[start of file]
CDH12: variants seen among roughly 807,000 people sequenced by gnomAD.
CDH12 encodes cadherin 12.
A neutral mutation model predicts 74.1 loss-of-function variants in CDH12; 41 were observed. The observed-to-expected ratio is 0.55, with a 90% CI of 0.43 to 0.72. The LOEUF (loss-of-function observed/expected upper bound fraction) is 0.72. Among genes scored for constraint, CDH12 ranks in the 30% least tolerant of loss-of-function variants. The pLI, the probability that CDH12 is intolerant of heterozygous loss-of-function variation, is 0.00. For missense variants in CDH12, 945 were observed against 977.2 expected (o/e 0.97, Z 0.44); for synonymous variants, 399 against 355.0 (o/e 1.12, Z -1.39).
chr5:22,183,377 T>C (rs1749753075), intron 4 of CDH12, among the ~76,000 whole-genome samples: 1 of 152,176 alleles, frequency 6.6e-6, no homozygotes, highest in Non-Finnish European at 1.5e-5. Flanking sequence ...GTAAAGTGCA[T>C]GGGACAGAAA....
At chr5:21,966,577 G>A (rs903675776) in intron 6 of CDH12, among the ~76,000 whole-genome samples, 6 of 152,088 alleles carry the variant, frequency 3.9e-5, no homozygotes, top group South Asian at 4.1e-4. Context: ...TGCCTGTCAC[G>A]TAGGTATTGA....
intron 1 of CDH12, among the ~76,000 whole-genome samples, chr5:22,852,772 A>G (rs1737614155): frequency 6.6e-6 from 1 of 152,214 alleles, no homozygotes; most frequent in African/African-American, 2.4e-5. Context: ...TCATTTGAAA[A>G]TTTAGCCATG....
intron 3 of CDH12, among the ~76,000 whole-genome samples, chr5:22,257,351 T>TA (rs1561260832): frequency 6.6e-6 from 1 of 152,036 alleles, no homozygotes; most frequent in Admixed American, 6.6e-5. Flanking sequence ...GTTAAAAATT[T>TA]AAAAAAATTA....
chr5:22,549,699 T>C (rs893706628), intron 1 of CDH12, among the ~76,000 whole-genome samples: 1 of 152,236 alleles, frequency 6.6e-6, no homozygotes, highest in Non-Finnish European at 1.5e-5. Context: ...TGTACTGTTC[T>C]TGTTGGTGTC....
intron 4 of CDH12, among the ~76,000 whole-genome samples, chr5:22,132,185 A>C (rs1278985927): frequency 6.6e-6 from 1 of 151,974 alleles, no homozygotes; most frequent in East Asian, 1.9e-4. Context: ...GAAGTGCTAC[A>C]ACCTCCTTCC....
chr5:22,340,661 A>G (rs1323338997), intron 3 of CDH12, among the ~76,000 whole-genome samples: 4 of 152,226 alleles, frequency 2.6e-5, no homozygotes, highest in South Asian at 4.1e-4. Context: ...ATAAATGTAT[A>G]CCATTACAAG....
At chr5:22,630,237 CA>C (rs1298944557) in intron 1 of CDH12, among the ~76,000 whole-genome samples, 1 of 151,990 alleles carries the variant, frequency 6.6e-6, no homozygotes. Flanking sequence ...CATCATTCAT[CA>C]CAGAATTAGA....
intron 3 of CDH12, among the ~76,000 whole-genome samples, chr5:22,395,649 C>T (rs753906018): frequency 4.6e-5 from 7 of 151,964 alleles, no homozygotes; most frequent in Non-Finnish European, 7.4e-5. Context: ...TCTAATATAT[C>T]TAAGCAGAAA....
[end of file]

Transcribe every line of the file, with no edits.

CDH12: variants seen among roughly 807,000 people sequenced by gnomAD.
CDH12 encodes cadherin 12.
A neutral mutation model predicts 74.1 loss-of-function variants in CDH12; 41 were observed. The observed-to-expected ratio is 0.55, with a 90% CI of 0.43 to 0.72. The LOEUF (loss-of-function observed/expected upper bound fraction) is 0.72. Among genes scored for constraint, CDH12 ranks in the 30% least tolerant of loss-of-function variants. The pLI, the probability that CDH12 is intolerant of heterozygous loss-of-function variation, is 0.00. For missense variants in CDH12, 945 were observed against 977.2 expected (o/e 0.97, Z 0.44); for synonymous variants, 399 against 355.0 (o/e 1.12, Z -1.39).
chr5:22,183,377 T>C (rs1749753075), intron 4 of CDH12, among the ~76,000 whole-genome samples: 1 of 152,176 alleles, frequency 6.6e-6, no homozygotes, highest in Non-Finnish European at 1.5e-5. Flanking sequence ...GTAAAGTGCA[T>C]GGGACAGAAA....
At chr5:21,966,577 G>A (rs903675776) in intron 6 of CDH12, among the ~76,000 whole-genome samples, 6 of 152,088 alleles carry the variant, frequency 3.9e-5, no homozygotes, top group South Asian at 4.1e-4. Context: ...TGCCTGTCAC[G>A]TAGGTATTGA....
intron 1 of CDH12, among the ~76,000 whole-genome samples, chr5:22,852,772 A>G (rs1737614155): frequency 6.6e-6 from 1 of 152,214 alleles, no homozygotes; most frequent in African/African-American, 2.4e-5. Context: ...TCATTTGAAA[A>G]TTTAGCCATG....
intron 3 of CDH12, among the ~76,000 whole-genome samples, chr5:22,257,351 T>TA (rs1561260832): frequency 6.6e-6 from 1 of 152,036 alleles, no homozygotes; most frequent in Admixed American, 6.6e-5. Flanking sequence ...GTTAAAAATT[T>TA]AAAAAAATTA....
chr5:22,549,699 T>C (rs893706628), intron 1 of CDH12, among the ~76,000 whole-genome samples: 1 of 152,236 alleles, frequency 6.6e-6, no homozygotes, highest in Non-Finnish European at 1.5e-5. Context: ...TGTACTGTTC[T>C]TGTTGGTGTC....
intron 4 of CDH12, among the ~76,000 whole-genome samples, chr5:22,132,185 A>C (rs1278985927): frequency 6.6e-6 from 1 of 151,974 alleles, no homozygotes; most frequent in East Asian, 1.9e-4. Context: ...GAAGTGCTAC[A>C]ACCTCCTTCC....
chr5:22,340,661 A>G (rs1323338997), intron 3 of CDH12, among the ~76,000 whole-genome samples: 4 of 152,226 alleles, frequency 2.6e-5, no homozygotes, highest in South Asian at 4.1e-4. Context: ...ATAAATGTAT[A>G]CCATTACAAG....
At chr5:22,630,237 CA>C (rs1298944557) in intron 1 of CDH12, among the ~76,000 whole-genome samples, 1 of 151,990 alleles carries the variant, frequency 6.6e-6, no homozygotes. Flanking sequence ...CATCATTCAT[CA>C]CAGAATTAGA....
intron 3 of CDH12, among the ~76,000 whole-genome samples, chr5:22,395,649 C>T (rs753906018): frequency 4.6e-5 from 7 of 151,964 alleles, no homozygotes; most frequent in Non-Finnish European, 7.4e-5. Context: ...TCTAATATAT[C>T]TAAGCAGAAA....